If you only think you will be posting events occasionally, you can submit an event as a guest here. If you are a serial event host, posting three or more events per semester, you might want to apply for your own account that will allow you to submit and modify events any time; email email@example.com and they’ll set you up.
How can you find the calendar? It’s on the home page — twice. See image below with the helpful circles.
UVA Today’s Fariss Samarrai reports:
The University of Virginia’s Fan Mountain Observatory is open to the public just twice a year, once in April and once in October. This spring’s Public Night will be on April 12. Guests will be allowed to look through the telescopes beginning at about 8:30 (once it’s dark enough, and weather permitting). The event runs until everyone has had a chance to look through the 40- and 31-inch telescopes.
Nice story this weekend in the Fredericksburg Fee Lance-Star on fourth-year U.Va. student Phoebe Willis, who graduated from Fredericksburg’s James Monroe High School.
That’s her at right. See the long hair? It’s going away soon. Willis is participating in the annual St. Baldrick’s Day event, in which participants pledge to shave their heads in exchange for donations to benefit cancer research. (It’s been one of this blog’s favorite causes ever since this writer participated a few years back; as an already mostly bald, middle-aged guy, I certainly had nowhere near as much to lose as Phoebe does.)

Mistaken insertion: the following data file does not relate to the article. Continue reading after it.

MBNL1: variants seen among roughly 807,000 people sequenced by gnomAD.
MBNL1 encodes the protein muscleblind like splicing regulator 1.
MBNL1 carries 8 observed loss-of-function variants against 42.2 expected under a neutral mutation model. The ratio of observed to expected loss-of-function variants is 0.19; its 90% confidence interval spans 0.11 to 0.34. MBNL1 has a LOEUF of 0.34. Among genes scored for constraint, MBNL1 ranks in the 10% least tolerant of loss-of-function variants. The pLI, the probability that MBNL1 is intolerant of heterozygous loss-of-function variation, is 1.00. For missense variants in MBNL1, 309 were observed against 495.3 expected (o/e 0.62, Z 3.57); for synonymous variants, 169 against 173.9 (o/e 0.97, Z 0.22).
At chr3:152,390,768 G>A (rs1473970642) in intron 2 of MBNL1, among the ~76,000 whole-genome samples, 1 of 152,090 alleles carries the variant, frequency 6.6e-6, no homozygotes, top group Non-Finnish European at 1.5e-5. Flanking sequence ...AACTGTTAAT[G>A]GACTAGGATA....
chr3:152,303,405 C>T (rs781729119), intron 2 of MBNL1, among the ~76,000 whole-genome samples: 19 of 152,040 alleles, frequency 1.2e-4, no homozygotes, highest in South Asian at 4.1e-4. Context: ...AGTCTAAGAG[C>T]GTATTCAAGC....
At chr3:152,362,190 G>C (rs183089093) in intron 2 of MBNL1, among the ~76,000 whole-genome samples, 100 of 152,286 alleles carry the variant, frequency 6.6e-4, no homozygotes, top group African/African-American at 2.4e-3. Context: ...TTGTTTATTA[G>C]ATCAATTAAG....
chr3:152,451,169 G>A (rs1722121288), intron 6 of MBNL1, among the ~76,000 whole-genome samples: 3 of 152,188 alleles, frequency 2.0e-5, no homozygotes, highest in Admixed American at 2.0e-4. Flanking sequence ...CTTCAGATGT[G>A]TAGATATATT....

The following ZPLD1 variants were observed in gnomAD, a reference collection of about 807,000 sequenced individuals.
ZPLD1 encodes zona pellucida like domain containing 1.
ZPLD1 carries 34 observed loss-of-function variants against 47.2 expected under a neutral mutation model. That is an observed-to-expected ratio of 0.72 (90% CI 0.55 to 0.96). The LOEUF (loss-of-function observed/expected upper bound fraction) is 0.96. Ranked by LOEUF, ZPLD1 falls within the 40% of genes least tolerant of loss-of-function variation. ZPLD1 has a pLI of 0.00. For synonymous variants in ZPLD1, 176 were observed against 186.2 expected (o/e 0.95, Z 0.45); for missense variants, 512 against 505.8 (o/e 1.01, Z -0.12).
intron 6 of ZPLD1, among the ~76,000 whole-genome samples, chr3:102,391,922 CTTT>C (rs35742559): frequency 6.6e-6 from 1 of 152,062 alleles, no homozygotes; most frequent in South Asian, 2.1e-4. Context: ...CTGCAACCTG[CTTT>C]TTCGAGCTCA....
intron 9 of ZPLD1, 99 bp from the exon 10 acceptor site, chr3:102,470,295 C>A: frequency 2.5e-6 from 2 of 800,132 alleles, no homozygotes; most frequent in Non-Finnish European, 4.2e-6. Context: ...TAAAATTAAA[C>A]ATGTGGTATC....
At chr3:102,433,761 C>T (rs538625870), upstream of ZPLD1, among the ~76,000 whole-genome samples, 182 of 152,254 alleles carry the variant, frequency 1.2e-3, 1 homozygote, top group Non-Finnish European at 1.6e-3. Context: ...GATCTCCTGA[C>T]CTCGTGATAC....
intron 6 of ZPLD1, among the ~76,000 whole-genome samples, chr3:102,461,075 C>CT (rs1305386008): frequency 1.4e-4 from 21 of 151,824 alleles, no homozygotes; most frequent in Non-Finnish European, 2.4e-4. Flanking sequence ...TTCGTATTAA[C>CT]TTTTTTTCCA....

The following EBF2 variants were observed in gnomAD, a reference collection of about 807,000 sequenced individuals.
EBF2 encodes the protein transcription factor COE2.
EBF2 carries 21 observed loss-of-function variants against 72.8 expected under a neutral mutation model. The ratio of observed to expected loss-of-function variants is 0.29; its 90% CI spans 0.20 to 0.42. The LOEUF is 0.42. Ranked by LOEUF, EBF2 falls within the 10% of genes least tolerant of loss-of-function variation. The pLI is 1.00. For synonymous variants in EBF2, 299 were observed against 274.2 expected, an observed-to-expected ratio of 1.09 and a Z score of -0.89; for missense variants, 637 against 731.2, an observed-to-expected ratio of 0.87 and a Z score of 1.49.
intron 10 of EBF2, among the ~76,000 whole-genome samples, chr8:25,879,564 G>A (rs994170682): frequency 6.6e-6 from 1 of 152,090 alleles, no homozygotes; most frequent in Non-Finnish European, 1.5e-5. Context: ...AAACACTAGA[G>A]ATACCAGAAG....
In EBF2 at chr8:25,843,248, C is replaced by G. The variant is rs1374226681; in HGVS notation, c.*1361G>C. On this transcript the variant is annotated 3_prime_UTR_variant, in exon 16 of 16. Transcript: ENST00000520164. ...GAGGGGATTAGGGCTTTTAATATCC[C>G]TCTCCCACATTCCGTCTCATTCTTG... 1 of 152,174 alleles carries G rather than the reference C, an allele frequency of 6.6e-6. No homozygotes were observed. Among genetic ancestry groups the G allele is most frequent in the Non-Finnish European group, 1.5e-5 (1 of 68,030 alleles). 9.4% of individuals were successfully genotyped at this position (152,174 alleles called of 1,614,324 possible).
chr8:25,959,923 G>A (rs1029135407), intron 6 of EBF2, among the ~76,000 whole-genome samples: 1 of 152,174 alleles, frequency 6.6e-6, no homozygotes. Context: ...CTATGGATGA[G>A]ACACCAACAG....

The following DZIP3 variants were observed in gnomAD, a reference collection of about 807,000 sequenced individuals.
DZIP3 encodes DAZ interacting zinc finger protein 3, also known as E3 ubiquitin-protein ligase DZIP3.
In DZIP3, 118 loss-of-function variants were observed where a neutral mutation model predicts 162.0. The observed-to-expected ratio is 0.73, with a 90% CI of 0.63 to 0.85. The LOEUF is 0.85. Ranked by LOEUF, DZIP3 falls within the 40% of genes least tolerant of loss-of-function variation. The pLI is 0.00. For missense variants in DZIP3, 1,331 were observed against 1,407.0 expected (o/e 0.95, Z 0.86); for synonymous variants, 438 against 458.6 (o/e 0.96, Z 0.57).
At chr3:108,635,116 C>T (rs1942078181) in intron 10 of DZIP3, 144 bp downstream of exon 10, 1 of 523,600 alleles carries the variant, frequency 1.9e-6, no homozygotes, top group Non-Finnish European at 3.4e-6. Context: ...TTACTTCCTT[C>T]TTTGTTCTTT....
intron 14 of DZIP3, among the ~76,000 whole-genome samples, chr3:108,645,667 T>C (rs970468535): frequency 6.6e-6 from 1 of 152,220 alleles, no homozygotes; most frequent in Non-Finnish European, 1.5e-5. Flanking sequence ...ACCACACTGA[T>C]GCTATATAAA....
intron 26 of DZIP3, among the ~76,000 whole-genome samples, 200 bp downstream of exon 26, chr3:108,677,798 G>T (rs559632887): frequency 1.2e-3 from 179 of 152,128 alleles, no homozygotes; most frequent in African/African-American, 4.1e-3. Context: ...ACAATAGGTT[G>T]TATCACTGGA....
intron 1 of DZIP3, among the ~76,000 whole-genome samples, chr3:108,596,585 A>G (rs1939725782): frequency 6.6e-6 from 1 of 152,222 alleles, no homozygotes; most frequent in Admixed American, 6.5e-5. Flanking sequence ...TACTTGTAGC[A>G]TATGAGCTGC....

Willis is not giving up her hair for nothing. She’s set a goal of raising $25,000 before the March 21 event at The Biltmore — yep, two months before posing for all of those graduation photos — and has already taken in more than $7,000 in pledges. (Click here to support Willis or any of the other local participants.)
You’ve got your Black Friday (which actually begins Thursday nowadays). You’ve got your Cyber Monday. And now … “#Giving Tuesday.”
Tomorrow, U.Va. is joining more than 2,000 universities, charities and businesses in encouraging people to participate in this national effort, a “celebration of our great tradition of generosity,” according to the effort’s website. It is encouraging people to support the charities that build community, either financially, by volunteering or by merely spreading the word about opportunities to give.
Certainly, everyone is free to choose to participate or not, and to support whatever charity or non-profit they wish. If you’re looking for ideas, here are a few suggestions:
- Before making your donation, state employees may consider funneling it through the Commonwealth of Virginia Campaign, the state’s official workplace-giving program. You can make a one-time donation or have funds automatically deducted from your paycheck, and none of it is kept for overhead. And you can do it online (sort of like Cyber Monday).
- Madison House runs its annual Holiday Sharing program this time every year, which supports local families in need. They don’t take cash, but they do accept “non-perishable foods, gifts, gift cards, new toys, or checks.”